GDC reveals 2021 plans, including new hybrid event

Gdc 2019 Hero
Gdc 2019 Hero (Image credit: Carli Velocci / Windows Central)

What you need to know

  • Game Developers Conference ran its first completely virtual event from Aug. 4-6 due to the COVID-19 pandemic.
  • The event organizers will be mixing online and in-person activities for the 2021 show.
  • A series of online GDC Master Classes will launch later this year.

Almost all the big conferences scheduled for 2020 were cancelled because of the COVID-19 pandemic and now it looks like event organizers aren't expecting business as usual to resume next year. After wrapping an all digital version of its signature event on Aug. 6, the team behind the Game Developers Conference announced today that they will be taking a hybrid approach for 2021.

The conference will take place from July 19-23, 2021, in San Francisco, but will also include a lineup of virtual programs. The mix will become the new default for the show. More information on how to participate will be revealed soon.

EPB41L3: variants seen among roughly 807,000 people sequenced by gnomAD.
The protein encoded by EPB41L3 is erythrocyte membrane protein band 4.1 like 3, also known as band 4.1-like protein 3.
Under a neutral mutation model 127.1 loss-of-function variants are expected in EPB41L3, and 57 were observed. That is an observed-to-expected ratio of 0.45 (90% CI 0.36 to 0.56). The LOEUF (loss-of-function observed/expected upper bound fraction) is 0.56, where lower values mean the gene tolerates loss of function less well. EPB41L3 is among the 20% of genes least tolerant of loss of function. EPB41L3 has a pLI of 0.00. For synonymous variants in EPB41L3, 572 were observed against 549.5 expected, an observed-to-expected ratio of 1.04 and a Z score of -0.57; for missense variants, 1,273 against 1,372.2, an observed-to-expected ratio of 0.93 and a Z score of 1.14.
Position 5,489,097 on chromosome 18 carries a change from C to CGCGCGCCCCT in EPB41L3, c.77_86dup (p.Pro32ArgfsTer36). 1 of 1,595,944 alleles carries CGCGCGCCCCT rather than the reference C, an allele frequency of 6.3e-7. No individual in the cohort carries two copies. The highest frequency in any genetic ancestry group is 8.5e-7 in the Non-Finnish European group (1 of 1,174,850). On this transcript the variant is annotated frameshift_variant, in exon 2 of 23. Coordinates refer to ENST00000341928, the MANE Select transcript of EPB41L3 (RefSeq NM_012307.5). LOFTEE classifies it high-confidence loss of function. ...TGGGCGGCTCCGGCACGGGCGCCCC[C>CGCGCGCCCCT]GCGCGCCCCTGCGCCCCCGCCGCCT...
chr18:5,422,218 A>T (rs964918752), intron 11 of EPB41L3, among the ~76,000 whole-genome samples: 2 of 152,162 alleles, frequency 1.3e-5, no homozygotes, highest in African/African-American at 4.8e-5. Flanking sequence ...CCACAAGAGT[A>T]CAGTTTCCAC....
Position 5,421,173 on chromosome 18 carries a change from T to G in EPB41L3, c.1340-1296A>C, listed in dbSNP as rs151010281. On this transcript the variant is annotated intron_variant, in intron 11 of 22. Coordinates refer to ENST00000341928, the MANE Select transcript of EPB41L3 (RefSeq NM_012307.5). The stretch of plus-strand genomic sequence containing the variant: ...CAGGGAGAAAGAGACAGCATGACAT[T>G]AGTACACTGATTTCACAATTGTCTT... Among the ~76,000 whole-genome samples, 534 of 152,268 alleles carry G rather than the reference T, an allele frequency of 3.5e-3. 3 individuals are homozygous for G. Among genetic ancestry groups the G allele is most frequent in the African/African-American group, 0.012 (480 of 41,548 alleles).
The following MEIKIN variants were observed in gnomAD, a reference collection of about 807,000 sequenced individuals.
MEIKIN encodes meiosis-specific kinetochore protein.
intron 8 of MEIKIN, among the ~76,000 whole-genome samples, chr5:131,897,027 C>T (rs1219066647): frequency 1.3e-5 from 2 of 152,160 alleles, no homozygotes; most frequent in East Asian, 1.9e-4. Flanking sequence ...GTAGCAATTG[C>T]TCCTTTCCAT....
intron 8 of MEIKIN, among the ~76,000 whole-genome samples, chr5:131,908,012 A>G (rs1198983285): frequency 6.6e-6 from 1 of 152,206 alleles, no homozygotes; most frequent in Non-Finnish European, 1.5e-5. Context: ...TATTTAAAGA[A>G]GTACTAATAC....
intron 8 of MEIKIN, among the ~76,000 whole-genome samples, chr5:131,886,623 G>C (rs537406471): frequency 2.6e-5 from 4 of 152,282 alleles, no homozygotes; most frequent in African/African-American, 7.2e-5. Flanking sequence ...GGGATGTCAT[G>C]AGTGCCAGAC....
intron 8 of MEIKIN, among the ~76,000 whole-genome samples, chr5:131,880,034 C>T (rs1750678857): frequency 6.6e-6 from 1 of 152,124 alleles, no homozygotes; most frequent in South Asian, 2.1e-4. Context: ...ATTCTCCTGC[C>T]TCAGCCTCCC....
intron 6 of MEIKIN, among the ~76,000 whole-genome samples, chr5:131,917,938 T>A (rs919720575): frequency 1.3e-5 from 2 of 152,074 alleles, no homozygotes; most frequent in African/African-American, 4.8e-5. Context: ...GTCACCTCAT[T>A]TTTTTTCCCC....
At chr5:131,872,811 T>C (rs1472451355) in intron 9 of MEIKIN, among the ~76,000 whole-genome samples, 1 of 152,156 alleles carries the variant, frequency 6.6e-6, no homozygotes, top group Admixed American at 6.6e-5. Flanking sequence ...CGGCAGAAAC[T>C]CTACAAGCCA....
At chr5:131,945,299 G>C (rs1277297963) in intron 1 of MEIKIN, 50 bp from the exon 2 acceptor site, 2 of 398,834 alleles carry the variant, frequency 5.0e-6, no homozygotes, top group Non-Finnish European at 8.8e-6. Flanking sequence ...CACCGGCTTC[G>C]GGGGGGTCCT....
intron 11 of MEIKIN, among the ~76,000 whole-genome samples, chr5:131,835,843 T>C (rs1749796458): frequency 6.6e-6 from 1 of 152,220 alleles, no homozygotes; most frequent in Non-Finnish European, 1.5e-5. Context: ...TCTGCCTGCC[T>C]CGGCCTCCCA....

GDC is also planning several new digital-only activities. A series of Virtual Master Classes, which will provide deep dives into various game development topics over the course of multiple days, is launching later this year. Editorial staff from GDC's sibling Gamasutra will provide shorter lessons on game development and business trends and stream talks with industry leaders.

Also in the works is a GDC Community Celebration scheduled to run March 1-5, 2021. The event will feature lectures, Q&As, and interactive activities focused on some of 2020's top games.

This year's GDC was scheduled to take place March 16-20 in San Francisco, but was cancelled at the end of February after multiple companies pulled out based on concerns about the COVID-19 pandemic. About 9,700 people registered for this month's virtual GDC, significantly fewer than the record-breaking 29,000 industry professionals that attended the event in 2019. An average of 545 people attended each session, with topics including how Disney created an RPG-like experience at its Star Wars: Galaxy's Edge theme parks and how Pokemon Go adapted to the COVID-19 pandemic.

Samantha Nelson